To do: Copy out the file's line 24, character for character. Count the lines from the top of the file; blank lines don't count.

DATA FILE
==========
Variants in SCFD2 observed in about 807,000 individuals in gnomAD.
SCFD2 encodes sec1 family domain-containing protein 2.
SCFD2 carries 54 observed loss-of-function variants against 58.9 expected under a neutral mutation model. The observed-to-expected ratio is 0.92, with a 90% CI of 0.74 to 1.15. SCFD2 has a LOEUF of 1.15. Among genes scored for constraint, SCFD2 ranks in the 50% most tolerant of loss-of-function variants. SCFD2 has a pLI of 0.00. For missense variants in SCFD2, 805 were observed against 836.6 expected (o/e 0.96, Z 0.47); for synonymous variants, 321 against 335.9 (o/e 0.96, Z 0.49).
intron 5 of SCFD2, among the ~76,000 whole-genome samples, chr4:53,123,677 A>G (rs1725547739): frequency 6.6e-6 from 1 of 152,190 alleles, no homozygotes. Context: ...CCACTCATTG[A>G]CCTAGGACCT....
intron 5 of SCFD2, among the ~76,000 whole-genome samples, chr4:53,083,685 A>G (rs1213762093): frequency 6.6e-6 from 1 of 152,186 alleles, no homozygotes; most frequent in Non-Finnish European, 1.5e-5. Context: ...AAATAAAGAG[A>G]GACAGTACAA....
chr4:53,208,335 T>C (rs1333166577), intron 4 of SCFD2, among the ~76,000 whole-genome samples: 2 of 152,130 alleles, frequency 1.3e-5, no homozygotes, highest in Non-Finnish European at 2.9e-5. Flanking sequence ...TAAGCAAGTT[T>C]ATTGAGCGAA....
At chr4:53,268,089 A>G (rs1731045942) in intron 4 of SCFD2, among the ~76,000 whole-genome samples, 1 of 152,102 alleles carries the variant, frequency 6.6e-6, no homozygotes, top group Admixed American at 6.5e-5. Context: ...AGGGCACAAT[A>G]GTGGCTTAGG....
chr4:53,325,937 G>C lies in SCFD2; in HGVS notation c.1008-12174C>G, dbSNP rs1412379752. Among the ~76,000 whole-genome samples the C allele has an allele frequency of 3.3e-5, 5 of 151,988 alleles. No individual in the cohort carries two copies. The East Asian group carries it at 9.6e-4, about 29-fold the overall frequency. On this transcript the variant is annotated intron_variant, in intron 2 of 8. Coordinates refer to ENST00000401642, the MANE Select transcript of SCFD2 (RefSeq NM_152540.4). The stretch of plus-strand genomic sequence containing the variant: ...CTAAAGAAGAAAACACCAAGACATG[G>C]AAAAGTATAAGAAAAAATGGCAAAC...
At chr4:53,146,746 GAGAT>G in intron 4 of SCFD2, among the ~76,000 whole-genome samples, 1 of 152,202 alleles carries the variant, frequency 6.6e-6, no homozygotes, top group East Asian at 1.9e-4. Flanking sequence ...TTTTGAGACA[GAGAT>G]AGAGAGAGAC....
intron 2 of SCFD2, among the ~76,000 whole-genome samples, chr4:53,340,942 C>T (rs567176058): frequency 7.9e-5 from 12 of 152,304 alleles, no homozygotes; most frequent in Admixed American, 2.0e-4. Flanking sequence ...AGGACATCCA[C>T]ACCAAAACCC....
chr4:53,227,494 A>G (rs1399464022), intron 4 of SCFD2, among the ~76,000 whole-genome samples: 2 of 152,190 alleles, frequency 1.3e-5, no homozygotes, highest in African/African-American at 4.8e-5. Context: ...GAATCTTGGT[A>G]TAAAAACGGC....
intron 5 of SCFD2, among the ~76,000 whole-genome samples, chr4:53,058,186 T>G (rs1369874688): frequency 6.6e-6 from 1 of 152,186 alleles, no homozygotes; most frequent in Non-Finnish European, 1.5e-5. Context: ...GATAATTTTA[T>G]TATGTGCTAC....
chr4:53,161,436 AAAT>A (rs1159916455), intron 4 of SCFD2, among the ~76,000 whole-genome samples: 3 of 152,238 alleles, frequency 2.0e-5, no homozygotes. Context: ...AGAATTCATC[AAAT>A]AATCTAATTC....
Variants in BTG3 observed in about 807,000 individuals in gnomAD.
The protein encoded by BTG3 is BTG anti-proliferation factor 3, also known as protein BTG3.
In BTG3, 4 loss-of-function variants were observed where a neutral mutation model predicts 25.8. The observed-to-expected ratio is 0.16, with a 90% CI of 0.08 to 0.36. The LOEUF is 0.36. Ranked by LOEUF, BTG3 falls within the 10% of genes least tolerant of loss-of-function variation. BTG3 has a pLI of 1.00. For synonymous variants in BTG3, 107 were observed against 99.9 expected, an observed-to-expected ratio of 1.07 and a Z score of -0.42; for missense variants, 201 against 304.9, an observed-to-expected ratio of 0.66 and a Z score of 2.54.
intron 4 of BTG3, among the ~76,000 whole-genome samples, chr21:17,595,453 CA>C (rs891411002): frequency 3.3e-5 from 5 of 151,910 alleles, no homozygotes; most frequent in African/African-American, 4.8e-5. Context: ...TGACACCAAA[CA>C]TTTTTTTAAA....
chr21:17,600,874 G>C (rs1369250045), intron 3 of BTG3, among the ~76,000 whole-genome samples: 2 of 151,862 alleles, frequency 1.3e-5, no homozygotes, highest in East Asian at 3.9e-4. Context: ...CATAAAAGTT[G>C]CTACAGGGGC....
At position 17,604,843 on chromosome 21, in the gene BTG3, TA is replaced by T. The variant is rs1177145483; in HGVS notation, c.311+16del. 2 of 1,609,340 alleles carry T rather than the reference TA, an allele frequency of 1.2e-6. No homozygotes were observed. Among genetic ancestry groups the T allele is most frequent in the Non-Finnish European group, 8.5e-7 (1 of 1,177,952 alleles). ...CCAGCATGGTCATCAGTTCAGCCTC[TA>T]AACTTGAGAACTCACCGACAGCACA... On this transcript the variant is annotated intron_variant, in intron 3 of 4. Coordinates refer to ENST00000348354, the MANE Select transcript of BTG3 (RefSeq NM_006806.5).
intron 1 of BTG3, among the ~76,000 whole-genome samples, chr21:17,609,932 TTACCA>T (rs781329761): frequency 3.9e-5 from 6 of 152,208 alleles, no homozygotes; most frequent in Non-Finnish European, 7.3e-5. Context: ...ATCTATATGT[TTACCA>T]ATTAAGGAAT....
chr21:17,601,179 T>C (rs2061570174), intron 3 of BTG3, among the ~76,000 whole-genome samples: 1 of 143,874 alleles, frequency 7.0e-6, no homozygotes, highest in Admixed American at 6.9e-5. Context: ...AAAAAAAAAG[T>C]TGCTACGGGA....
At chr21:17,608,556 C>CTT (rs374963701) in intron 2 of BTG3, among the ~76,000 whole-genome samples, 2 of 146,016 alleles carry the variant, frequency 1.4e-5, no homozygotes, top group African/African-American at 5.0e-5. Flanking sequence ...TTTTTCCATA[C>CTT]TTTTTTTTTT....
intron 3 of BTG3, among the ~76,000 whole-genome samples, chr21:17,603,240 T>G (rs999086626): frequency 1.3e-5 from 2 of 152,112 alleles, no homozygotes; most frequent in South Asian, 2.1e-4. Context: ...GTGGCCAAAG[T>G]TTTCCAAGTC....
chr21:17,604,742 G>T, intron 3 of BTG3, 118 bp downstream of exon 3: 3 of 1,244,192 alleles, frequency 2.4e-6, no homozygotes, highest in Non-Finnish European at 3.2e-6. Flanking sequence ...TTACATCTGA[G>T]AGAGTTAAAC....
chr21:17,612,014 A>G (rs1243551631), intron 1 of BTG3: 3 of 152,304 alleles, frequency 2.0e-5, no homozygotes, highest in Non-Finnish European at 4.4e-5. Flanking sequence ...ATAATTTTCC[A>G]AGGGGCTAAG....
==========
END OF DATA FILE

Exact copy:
chr21:17,604,742 G>T, intron 3 of BTG3, 118 bp downstream of exon 3: 3 of 1,244,192 alleles, frequency 2.4e-6, no homozygotes, highest in Non-Finnish European at 3.2e-6. Flanking sequence ...TTACATCTGA[G>T]AGAGTTAAAC....